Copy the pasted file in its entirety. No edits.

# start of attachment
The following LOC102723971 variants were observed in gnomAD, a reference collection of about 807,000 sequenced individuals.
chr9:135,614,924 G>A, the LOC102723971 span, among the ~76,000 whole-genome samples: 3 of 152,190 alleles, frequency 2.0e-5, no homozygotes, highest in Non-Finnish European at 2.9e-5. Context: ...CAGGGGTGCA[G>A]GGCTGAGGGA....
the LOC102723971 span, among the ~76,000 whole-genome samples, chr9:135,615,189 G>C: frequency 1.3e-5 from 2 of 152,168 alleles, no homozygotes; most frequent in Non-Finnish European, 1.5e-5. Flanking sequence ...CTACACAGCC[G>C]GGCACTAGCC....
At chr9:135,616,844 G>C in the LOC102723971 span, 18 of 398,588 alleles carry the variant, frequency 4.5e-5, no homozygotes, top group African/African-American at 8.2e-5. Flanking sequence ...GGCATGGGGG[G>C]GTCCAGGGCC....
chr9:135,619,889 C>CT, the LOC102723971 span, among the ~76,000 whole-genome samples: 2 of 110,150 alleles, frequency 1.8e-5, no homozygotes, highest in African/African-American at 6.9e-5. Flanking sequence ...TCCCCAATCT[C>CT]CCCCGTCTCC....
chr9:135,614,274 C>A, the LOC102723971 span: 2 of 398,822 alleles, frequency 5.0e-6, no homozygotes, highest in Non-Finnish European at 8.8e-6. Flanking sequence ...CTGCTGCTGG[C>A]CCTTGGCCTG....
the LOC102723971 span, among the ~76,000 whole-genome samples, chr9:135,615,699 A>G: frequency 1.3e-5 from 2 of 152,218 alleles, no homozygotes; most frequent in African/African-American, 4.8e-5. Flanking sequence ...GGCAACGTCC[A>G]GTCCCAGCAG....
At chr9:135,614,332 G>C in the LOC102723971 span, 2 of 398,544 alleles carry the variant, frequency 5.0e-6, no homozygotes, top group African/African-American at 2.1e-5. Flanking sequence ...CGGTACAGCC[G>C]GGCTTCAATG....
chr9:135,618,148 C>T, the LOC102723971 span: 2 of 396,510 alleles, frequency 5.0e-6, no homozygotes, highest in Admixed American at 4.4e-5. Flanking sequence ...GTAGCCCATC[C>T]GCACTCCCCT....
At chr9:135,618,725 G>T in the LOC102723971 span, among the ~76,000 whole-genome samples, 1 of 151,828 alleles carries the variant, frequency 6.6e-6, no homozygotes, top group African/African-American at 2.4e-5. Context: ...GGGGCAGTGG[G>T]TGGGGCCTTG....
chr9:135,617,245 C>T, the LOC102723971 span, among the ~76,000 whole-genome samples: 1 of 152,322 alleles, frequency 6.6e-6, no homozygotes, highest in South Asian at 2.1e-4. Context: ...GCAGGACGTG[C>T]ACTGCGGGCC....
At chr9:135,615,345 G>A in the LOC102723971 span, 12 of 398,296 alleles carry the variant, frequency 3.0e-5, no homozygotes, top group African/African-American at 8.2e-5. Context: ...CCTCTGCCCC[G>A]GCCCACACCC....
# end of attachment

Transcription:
The following LOC102723971 variants were observed in gnomAD, a reference collection of about 807,000 sequenced individuals.
chr9:135,614,924 G>A, the LOC102723971 span, among the ~76,000 whole-genome samples: 3 of 152,190 alleles, frequency 2.0e-5, no homozygotes, highest in Non-Finnish European at 2.9e-5. Context: ...CAGGGGTGCA[G>A]GGCTGAGGGA....
the LOC102723971 span, among the ~76,000 whole-genome samples, chr9:135,615,189 G>C: frequency 1.3e-5 from 2 of 152,168 alleles, no homozygotes; most frequent in Non-Finnish European, 1.5e-5. Flanking sequence ...CTACACAGCC[G>C]GGCACTAGCC....
At chr9:135,616,844 G>C in the LOC102723971 span, 18 of 398,588 alleles carry the variant, frequency 4.5e-5, no homozygotes, top group African/African-American at 8.2e-5. Flanking sequence ...GGCATGGGGG[G>C]GTCCAGGGCC....
chr9:135,619,889 C>CT, the LOC102723971 span, among the ~76,000 whole-genome samples: 2 of 110,150 alleles, frequency 1.8e-5, no homozygotes, highest in African/African-American at 6.9e-5. Flanking sequence ...TCCCCAATCT[C>CT]CCCCGTCTCC....
chr9:135,614,274 C>A, the LOC102723971 span: 2 of 398,822 alleles, frequency 5.0e-6, no homozygotes, highest in Non-Finnish European at 8.8e-6. Flanking sequence ...CTGCTGCTGG[C>A]CCTTGGCCTG....
the LOC102723971 span, among the ~76,000 whole-genome samples, chr9:135,615,699 A>G: frequency 1.3e-5 from 2 of 152,218 alleles, no homozygotes; most frequent in African/African-American, 4.8e-5. Flanking sequence ...GGCAACGTCC[A>G]GTCCCAGCAG....
At chr9:135,614,332 G>C in the LOC102723971 span, 2 of 398,544 alleles carry the variant, frequency 5.0e-6, no homozygotes, top group African/African-American at 2.1e-5. Flanking sequence ...CGGTACAGCC[G>C]GGCTTCAATG....
chr9:135,618,148 C>T, the LOC102723971 span: 2 of 396,510 alleles, frequency 5.0e-6, no homozygotes, highest in Admixed American at 4.4e-5. Flanking sequence ...GTAGCCCATC[C>T]GCACTCCCCT....
At chr9:135,618,725 G>T in the LOC102723971 span, among the ~76,000 whole-genome samples, 1 of 151,828 alleles carries the variant, frequency 6.6e-6, no homozygotes, top group African/African-American at 2.4e-5. Context: ...GGGGCAGTGG[G>T]TGGGGCCTTG....
chr9:135,617,245 C>T, the LOC102723971 span, among the ~76,000 whole-genome samples: 1 of 152,322 alleles, frequency 6.6e-6, no homozygotes, highest in South Asian at 2.1e-4. Context: ...GCAGGACGTG[C>T]ACTGCGGGCC....
At chr9:135,615,345 G>A in the LOC102723971 span, 12 of 398,296 alleles carry the variant, frequency 3.0e-5, no homozygotes, top group African/African-American at 8.2e-5. Context: ...CCTCTGCCCC[G>A]GCCCACACCC....